OCEAN CITY – The only offer for the replacement of the engines for the Ocean City firefighter’s rescue boat was slightly under budget. The city received only one offer to replace the inboard motors of the department’s rescue boat with twin outboards. Typically, if there is only one bid for a capital project, the board rejects …

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Berlin expects short-term rental regulation for the New Year

Berlin expects short-term rental regulation for the New Year

BERLIN – This week, municipal officials continued their discussions on the regulation of short-term rentals. On Monday, Mayor Zack Tyndall and Berlin City Council reviewed the draft short-term rental regulation developed after prior discussions. While opinions still vary, particularly with regard to owner occupancy, Mayor Zack Tyndall said the ordinance is moving forward. “There is a time and a place …

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Resort and county are working hard to collect tax on rental rooms online

Resort and county are working hard to collect tax on rental rooms online

OCEAN CITY – Efforts to curb short-term vacation rentals that fail to obtain rental permits and pay the appropriate resort tax were renewed this week with the approval of a draft ordinance intended to strengthen the rules. For years, Ocean City officials have monitored the proliferation of short-term vacation rentals in the…

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Seasonal housing project in the city center examined by the Council; Redevelopment of the Eyed model block

Seasonal housing project in the city center examined by the Council;  Redevelopment of the Eyed model block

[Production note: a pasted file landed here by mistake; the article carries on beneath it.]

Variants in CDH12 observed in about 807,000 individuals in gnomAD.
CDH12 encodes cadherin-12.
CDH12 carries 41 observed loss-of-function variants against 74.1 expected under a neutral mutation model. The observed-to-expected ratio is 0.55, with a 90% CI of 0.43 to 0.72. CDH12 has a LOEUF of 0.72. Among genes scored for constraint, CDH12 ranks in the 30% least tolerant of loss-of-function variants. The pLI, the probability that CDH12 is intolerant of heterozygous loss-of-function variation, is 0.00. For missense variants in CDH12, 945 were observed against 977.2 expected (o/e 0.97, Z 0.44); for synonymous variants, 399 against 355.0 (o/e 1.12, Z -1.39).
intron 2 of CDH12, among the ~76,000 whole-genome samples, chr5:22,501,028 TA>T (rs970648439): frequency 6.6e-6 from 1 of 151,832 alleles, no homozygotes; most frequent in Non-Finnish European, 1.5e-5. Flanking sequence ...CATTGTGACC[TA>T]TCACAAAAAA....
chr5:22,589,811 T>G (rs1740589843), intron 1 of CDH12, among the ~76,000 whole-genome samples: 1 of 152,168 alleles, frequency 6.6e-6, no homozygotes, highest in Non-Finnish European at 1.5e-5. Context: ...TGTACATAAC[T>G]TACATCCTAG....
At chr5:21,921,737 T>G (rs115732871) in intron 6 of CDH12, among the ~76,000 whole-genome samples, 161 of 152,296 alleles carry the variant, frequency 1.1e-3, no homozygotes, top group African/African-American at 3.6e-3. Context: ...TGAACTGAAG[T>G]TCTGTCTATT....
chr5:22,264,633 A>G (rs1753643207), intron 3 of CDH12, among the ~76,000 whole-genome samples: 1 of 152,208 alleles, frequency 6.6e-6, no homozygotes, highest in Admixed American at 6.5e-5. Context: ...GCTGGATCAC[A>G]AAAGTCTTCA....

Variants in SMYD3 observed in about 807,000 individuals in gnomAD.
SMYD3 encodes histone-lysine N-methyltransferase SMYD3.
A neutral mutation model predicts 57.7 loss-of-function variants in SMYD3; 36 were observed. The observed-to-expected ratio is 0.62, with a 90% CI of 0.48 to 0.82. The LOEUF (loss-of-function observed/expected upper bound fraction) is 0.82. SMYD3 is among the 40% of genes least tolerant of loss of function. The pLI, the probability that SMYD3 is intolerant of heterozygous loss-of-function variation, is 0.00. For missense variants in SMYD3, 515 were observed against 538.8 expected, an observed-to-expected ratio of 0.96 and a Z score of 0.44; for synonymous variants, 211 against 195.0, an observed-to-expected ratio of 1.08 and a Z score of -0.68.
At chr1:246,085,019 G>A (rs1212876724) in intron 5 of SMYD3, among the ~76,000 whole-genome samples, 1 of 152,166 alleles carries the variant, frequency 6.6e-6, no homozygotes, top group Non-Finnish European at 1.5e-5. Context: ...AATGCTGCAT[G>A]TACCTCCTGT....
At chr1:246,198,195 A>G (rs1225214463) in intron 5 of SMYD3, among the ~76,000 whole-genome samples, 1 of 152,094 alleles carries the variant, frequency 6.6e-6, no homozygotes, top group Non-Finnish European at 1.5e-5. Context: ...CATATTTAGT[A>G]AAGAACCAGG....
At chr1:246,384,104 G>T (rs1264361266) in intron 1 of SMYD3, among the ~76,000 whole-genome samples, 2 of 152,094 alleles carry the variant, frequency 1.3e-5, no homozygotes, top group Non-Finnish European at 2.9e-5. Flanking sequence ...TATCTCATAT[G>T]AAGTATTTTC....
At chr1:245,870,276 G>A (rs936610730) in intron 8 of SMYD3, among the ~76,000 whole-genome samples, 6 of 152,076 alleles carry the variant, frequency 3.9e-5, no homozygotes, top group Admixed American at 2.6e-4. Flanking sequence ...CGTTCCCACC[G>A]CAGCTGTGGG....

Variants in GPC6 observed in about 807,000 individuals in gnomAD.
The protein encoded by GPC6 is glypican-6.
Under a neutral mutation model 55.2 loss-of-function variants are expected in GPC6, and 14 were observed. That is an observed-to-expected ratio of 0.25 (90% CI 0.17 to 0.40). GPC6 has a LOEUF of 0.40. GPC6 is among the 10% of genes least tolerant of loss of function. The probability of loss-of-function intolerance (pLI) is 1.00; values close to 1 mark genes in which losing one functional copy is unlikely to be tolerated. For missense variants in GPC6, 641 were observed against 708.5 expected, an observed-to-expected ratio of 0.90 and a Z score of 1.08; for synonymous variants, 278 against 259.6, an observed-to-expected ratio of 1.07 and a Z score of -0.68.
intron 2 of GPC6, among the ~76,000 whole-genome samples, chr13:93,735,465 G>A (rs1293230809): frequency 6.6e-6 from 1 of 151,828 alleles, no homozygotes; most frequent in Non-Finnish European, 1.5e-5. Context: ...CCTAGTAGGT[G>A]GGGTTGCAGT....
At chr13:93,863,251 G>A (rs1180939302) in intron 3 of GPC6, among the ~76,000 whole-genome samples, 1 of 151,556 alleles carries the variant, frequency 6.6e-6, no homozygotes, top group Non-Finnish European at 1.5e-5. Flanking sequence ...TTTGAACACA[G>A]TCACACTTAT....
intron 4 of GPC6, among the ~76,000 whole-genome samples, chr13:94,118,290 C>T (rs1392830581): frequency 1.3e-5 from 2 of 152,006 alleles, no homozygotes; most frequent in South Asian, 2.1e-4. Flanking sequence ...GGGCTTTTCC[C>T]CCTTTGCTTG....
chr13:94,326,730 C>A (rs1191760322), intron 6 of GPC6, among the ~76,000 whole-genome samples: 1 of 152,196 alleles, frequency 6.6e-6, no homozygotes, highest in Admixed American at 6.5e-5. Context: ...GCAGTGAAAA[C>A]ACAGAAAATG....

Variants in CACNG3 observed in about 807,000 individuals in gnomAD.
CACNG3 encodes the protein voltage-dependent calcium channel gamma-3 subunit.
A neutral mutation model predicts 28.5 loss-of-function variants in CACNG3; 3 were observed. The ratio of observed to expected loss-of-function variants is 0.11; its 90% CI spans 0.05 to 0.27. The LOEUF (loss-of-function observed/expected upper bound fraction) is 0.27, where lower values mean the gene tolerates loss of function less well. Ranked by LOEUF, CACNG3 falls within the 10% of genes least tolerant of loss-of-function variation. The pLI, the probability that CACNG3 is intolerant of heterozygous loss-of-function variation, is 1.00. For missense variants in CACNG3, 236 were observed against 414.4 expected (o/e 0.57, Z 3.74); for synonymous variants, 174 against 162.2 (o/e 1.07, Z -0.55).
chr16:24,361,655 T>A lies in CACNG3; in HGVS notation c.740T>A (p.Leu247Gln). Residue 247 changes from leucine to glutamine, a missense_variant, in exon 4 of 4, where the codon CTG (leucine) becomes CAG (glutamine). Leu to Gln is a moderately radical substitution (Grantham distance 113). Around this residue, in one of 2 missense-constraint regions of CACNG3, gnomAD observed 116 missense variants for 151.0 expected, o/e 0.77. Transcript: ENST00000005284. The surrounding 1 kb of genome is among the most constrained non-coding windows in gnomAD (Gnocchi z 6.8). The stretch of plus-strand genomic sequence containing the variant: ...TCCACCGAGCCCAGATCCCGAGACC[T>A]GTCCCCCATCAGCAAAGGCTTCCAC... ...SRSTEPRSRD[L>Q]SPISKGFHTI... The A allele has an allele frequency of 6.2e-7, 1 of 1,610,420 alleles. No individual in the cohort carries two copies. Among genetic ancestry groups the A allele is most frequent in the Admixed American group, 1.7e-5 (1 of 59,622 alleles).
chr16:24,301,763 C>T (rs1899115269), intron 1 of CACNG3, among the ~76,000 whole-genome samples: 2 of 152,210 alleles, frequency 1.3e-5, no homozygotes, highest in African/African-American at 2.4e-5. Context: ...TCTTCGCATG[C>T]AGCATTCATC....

OCEAN CITY – After decades of piecemeal property acquisition for the redevelopment of the proposed model block, the Ocean City Development Corporation (OCDC) presented a seasonal workforce housing project proposal this week. for mixed and versatile use. For the past twenty years, the OCDC has been working on a redevelopment plan for the model island. There have been several …

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Planners OK Healthy Living Campus site map for central Batavia | Top story

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BATAVIA – The site plan for a $ 30 million healthy living downtown campus has the blessing of the city’s planning and development committee, but not unanimously.

The committee approved the 3-1 site plan tonight, with committee member David Beatty voting against. Ed Flynn, Rebecca Cohen and John Ognibene voted for it. The project, a partnership of the YMCA and Rochester-Regional Health-United Memorial Medical Center, will include a new state-of-the-art wellness center, indoor pool, group exercise studios and a gymnasium with a walking / running track. indoor foot, teaching kitchen, indoor play area, youth areas, lounge and meeting rooms. The partnership with UMMC will provide primary care, behavioral health services / crisis intervention, integration of telemedicine, cancer prevention services, chronic disease support services and education services , all in the same establishment. The facility would include a 69,420 square foot two-story building to house the YMCA with medical offices. The site is located at 211 and 213 East Main St., 1-9 Wiard St. and is part of 211 1/2 East Main Rear.

“We didn’t add any additional walls or trees or anything like that,” said project manager David Ciurzynski of Ciurzynski Consulting, LLC. After the meeting, Ciurzynski said his company made sure there were enough bushes and trees along the west and south sides of GO ART! as a buffer.

During the meeting, the committee received a letter from GO ART! in which GO ART! Executive director Gregory Hallock referred to a landscaping plan, Beatty said. The plan came from architectural, engineering and planning firm Clark Patterson Lee.